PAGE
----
Purpose of review
Facial plastic surgeons have always relied on photography for preoperative and postoperative analysis, medicolegal documentation, and communication. The current standards for analysis and documentation of facial structures have been determined by obtaining measurements and parameters from two-dimensional photographs or radiographs. However, the face and neck are three-dimensional structures and require manipulation in three planes within the constraints of esthetics, stability, and function. Recent advances in technology have made three-dimensional imaging and analysis possible.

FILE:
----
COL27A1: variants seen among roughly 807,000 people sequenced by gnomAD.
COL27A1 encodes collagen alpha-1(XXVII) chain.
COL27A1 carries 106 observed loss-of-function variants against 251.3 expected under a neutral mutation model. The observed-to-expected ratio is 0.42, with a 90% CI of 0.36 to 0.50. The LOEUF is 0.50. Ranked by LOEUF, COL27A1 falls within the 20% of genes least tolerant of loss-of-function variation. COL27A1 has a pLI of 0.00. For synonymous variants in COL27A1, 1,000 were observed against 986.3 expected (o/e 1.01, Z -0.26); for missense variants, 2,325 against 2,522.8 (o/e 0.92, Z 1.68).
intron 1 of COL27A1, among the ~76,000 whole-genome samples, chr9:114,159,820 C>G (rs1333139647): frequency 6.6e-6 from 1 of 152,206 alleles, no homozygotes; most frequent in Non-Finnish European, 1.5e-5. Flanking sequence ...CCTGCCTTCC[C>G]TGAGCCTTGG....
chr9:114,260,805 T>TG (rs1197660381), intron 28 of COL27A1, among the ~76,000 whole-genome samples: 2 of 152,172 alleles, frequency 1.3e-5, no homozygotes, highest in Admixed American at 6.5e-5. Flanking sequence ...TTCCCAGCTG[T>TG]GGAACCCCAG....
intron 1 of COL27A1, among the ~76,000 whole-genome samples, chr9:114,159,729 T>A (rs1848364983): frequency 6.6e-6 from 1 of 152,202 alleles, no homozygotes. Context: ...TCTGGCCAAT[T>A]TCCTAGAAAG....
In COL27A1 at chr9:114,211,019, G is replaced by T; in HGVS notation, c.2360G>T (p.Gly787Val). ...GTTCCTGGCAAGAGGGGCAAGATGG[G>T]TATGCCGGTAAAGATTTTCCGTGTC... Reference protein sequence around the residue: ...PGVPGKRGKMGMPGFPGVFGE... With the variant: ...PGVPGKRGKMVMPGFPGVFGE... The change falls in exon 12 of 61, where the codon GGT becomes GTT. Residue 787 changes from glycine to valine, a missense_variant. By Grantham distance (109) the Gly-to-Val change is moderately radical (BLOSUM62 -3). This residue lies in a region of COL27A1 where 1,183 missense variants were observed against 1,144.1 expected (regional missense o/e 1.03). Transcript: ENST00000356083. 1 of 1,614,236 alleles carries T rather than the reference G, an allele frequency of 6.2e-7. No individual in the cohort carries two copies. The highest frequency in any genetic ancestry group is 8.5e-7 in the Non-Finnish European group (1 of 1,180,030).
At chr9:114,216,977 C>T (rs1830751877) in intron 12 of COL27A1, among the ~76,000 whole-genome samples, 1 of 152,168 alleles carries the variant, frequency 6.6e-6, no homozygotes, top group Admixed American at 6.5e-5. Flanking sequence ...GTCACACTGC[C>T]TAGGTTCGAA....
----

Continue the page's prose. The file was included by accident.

The ability to capture images in three dimensions has opened up new avenues for observation and has increased the ability to analyze changes after surgery. Whereas only linear distances, angles, and areas can be determined by use of two-dimensional images, soft tissue volumetric data and surface topography can also be measured accurately; this can be helpful in validating changes in patients undergoing aging facial or orthognathic procedures. Recent studies have focused on descriptions of imaging techniques, validation of measurements, and the creation of normative data and its applications in surgery.
The availability of three-dimensional imaging and software systems presents new opportunities for the facial cosmetic surgeon to plan, execute, and assess the outcomes in patients undergoing surgery of the face and neck.